David: You know, what’s interesting for some of those guys, because I’ve talked to a couple of them just recently, and I was at an event, and the guy said the same thing here not too long ago, that, you know, We’re penciling this deal on, like, say, a five cap rate. We’re gonna go and bid on a five cap.” But they’re going in and showing a five and a half cap, or a six cap bid for the property, because they realize that they, the family office, the investors, who has, again, the dry powder, the power at the table, that, “Yeah, we’re willing to do it at five, and they know we’ll do it at five. But I’d rather try to do it a five and a half or six and get my number, so that when things really do improve, guess what? We’ve got that extra 100 basis points in our pocket.”

And so, I think what you’re really happening is seeing is that these analysts are really sharpening their pencils, and, you know, really putting a tightrope around it of not paying up. “If you really wanna work with me on this, you’re gonna give me an extra 25 basis points, 50 basis points. If I’m the one that’s in demand here, you’re gonna come to me.” And until we see enough of these guys clamoring in for that deal, you know, 10 family offices trying to get in that deal, and okay, who’s gonna give us the most at the highest cap rate number, I think at that point, then, right now, until we see that, the ball is in the court of the family offices that have our power.

Andy: Totally. But do you think that, is there a struggle to get them to look at REITs? Like, my point is that they’re almost looking at them like apples and oranges. And I’m trying to say, like, “Hey, guys, it is in terms of control.” But sometimes we’re talking about the same assets, you know, just owned through a different vehicle. But they…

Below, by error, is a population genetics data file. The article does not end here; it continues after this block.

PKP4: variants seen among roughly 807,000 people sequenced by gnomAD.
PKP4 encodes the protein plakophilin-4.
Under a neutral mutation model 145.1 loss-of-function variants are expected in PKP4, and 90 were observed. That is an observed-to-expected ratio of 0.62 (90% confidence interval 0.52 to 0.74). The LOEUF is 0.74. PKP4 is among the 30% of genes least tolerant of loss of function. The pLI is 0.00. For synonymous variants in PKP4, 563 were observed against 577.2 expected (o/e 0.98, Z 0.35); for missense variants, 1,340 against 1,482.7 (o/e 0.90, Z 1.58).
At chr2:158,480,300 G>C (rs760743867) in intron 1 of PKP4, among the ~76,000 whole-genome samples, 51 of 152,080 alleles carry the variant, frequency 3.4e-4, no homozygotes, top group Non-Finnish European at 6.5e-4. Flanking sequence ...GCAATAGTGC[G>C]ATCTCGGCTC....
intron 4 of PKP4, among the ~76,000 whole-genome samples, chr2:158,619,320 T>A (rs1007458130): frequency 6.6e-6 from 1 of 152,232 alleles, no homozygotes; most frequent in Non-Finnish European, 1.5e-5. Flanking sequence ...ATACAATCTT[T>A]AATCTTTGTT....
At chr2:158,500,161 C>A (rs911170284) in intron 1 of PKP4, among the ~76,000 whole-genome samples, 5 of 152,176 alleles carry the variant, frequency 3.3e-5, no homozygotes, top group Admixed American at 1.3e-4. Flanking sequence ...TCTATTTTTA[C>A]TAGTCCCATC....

David: I think so. I mean, you definitely raise a good point. I think that’s where education comes into play, highlighting that no two apartment properties are alike. No two apartment REITs are alike, as an example. You may be seeing case-by-case deals. But when can you buy a company that has exposure to hundreds of thousands of units across the country, that’s already up and running for 25-plus years, let’s say? Or 50 years?

You know, when you buy one of these public companies, you’re buying a well-oiled machine. Again, management teams that have been through cycles, challenges, know when to go on offense or go on defense. Now, what’s happening right now, it’s a twofold. How do we maximize our revenues by pushing rents and offering concessions, and putting in features that customers are willing to pay for, while cutting expenses, streamlining operations, putting in smart fixtures, whatever it is, so that we’re able to grow the top line, we’re able to minimize the expense line of it, and at the end of the day, that hopefully leads to a higher net income. And I think that’s one of the things that you’re seeing, especially in times of volatility, is how well these guys are able to manage their expense control.

Andy: As a shareholder of REITs, I love it. I mean, it’s like, as a football fan, I can’t get enough blocking and tackling, right? So, you know, I love, you know, professional management, keeping their eyes on the ball.

David: That’s exactly what it is, blocking and tackling by the management teams. You nailed it. That’s exactly what they’re doing on a day-to-day basis.

Andy: So, David, I’m gonna put a pin in it here. So, for our viewers and listeners, you’re gonna want to watch out for our next episode, where we have David back on. We’re gonna discuss the CRE landscape as we begin Q2 of 2023, and discuss different sector performances and the opportunities right now. So, be on the lookout for that. And David, thanks again for joining me today.

David: Andy, this was fun. Thank you so much.

Andy Hagans
Andy Hagans

Andy is a co-founder of WealthChannel, which provides education to help investors achieve financial independence and a worry-free retirement.

He also hosts "WealthChannel With Andy Hagans," a podcast featuring deep dive interviews with the world’s top investing experts, reaching thousands of monthly listeners.

Andy graduated from the University of Notre Dame, and resides in Michigan with his wife and five children.